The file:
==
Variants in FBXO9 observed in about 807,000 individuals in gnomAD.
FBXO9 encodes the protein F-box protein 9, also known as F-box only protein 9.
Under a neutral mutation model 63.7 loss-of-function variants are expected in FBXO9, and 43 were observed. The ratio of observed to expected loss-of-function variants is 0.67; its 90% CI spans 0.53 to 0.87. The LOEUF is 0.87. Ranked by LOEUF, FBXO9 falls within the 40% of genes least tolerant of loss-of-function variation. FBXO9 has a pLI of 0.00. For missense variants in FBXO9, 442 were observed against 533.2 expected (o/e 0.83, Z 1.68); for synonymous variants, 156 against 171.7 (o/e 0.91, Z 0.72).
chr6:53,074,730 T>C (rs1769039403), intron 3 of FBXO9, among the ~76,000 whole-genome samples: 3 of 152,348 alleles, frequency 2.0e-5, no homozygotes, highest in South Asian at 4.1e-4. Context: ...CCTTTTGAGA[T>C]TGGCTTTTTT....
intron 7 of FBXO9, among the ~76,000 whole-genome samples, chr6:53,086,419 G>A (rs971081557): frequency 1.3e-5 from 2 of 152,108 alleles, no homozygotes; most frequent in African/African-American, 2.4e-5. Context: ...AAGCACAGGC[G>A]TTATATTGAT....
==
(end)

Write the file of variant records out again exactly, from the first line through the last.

Variants in FBXO9 observed in about 807,000 individuals in gnomAD.
FBXO9 encodes the protein F-box protein 9, also known as F-box only protein 9.
Under a neutral mutation model 63.7 loss-of-function variants are expected in FBXO9, and 43 were observed. The ratio of observed to expected loss-of-function variants is 0.67; its 90% CI spans 0.53 to 0.87. The LOEUF is 0.87. Ranked by LOEUF, FBXO9 falls within the 40% of genes least tolerant of loss-of-function variation. FBXO9 has a pLI of 0.00. For missense variants in FBXO9, 442 were observed against 533.2 expected (o/e 0.83, Z 1.68); for synonymous variants, 156 against 171.7 (o/e 0.91, Z 0.72).
chr6:53,074,730 T>C (rs1769039403), intron 3 of FBXO9, among the ~76,000 whole-genome samples: 3 of 152,348 alleles, frequency 2.0e-5, no homozygotes, highest in South Asian at 4.1e-4. Context: ...CCTTTTGAGA[T>C]TGGCTTTTTT....
intron 7 of FBXO9, among the ~76,000 whole-genome samples, chr6:53,086,419 G>A (rs971081557): frequency 1.3e-5 from 2 of 152,108 alleles, no homozygotes; most frequent in African/African-American, 2.4e-5. Context: ...AAGCACAGGC[G>A]TTATATTGAT....